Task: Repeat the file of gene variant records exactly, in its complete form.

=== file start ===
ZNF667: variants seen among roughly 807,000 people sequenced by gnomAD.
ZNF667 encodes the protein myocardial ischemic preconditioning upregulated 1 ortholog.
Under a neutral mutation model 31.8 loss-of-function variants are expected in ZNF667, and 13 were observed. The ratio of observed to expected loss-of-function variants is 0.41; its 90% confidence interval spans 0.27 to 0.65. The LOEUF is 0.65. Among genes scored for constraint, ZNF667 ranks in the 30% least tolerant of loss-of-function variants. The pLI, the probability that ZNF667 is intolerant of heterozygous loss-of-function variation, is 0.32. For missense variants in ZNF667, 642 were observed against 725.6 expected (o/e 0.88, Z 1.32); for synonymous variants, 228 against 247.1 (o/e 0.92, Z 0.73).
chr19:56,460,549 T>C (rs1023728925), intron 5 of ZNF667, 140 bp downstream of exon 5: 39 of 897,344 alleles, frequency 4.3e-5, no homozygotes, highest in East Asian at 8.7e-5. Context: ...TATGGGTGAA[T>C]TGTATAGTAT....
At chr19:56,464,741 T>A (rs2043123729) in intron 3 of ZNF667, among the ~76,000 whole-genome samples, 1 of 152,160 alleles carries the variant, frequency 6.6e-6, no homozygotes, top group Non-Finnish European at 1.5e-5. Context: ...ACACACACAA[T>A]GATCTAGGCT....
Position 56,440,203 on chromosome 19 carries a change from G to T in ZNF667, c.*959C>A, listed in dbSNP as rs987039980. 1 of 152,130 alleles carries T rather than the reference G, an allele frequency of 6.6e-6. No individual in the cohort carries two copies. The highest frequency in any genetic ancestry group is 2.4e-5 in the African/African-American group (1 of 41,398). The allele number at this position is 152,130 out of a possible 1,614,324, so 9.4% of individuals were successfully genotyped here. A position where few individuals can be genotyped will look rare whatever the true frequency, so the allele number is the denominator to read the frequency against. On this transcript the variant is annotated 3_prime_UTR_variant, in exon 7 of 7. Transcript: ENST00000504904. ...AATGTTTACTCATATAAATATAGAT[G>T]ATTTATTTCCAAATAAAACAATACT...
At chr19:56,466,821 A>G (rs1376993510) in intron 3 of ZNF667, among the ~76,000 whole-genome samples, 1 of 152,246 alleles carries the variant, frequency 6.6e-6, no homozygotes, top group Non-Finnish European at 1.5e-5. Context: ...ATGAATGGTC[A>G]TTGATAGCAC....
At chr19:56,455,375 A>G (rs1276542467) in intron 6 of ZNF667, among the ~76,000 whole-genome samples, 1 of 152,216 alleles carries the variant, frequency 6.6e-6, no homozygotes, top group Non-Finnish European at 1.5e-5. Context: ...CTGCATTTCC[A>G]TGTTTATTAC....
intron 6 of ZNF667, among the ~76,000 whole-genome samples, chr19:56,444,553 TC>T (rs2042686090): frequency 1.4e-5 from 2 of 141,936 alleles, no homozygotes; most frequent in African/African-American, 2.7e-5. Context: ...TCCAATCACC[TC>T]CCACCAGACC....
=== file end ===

ZNF667: variants seen among roughly 807,000 people sequenced by gnomAD.
ZNF667 encodes the protein myocardial ischemic preconditioning upregulated 1 ortholog.
Under a neutral mutation model 31.8 loss-of-function variants are expected in ZNF667, and 13 were observed. The ratio of observed to expected loss-of-function variants is 0.41; its 90% confidence interval spans 0.27 to 0.65. The LOEUF is 0.65. Among genes scored for constraint, ZNF667 ranks in the 30% least tolerant of loss-of-function variants. The pLI, the probability that ZNF667 is intolerant of heterozygous loss-of-function variation, is 0.32. For missense variants in ZNF667, 642 were observed against 725.6 expected (o/e 0.88, Z 1.32); for synonymous variants, 228 against 247.1 (o/e 0.92, Z 0.73).
chr19:56,460,549 T>C (rs1023728925), intron 5 of ZNF667, 140 bp downstream of exon 5: 39 of 897,344 alleles, frequency 4.3e-5, no homozygotes, highest in East Asian at 8.7e-5. Context: ...TATGGGTGAA[T>C]TGTATAGTAT....
At chr19:56,464,741 T>A (rs2043123729) in intron 3 of ZNF667, among the ~76,000 whole-genome samples, 1 of 152,160 alleles carries the variant, frequency 6.6e-6, no homozygotes, top group Non-Finnish European at 1.5e-5. Context: ...ACACACACAA[T>A]GATCTAGGCT....
Position 56,440,203 on chromosome 19 carries a change from G to T in ZNF667, c.*959C>A, listed in dbSNP as rs987039980. 1 of 152,130 alleles carries T rather than the reference G, an allele frequency of 6.6e-6. No individual in the cohort carries two copies. The highest frequency in any genetic ancestry group is 2.4e-5 in the African/African-American group (1 of 41,398). The allele number at this position is 152,130 out of a possible 1,614,324, so 9.4% of individuals were successfully genotyped here. A position where few individuals can be genotyped will look rare whatever the true frequency, so the allele number is the denominator to read the frequency against. On this transcript the variant is annotated 3_prime_UTR_variant, in exon 7 of 7. Transcript: ENST00000504904. ...AATGTTTACTCATATAAATATAGAT[G>T]ATTTATTTCCAAATAAAACAATACT...
At chr19:56,466,821 A>G (rs1376993510) in intron 3 of ZNF667, among the ~76,000 whole-genome samples, 1 of 152,246 alleles carries the variant, frequency 6.6e-6, no homozygotes, top group Non-Finnish European at 1.5e-5. Context: ...ATGAATGGTC[A>G]TTGATAGCAC....
At chr19:56,455,375 A>G (rs1276542467) in intron 6 of ZNF667, among the ~76,000 whole-genome samples, 1 of 152,216 alleles carries the variant, frequency 6.6e-6, no homozygotes, top group Non-Finnish European at 1.5e-5. Context: ...CTGCATTTCC[A>G]TGTTTATTAC....
intron 6 of ZNF667, among the ~76,000 whole-genome samples, chr19:56,444,553 TC>T (rs2042686090): frequency 1.4e-5 from 2 of 141,936 alleles, no homozygotes; most frequent in African/African-American, 2.7e-5. Context: ...TCCAATCACC[TC>T]CCACCAGACC....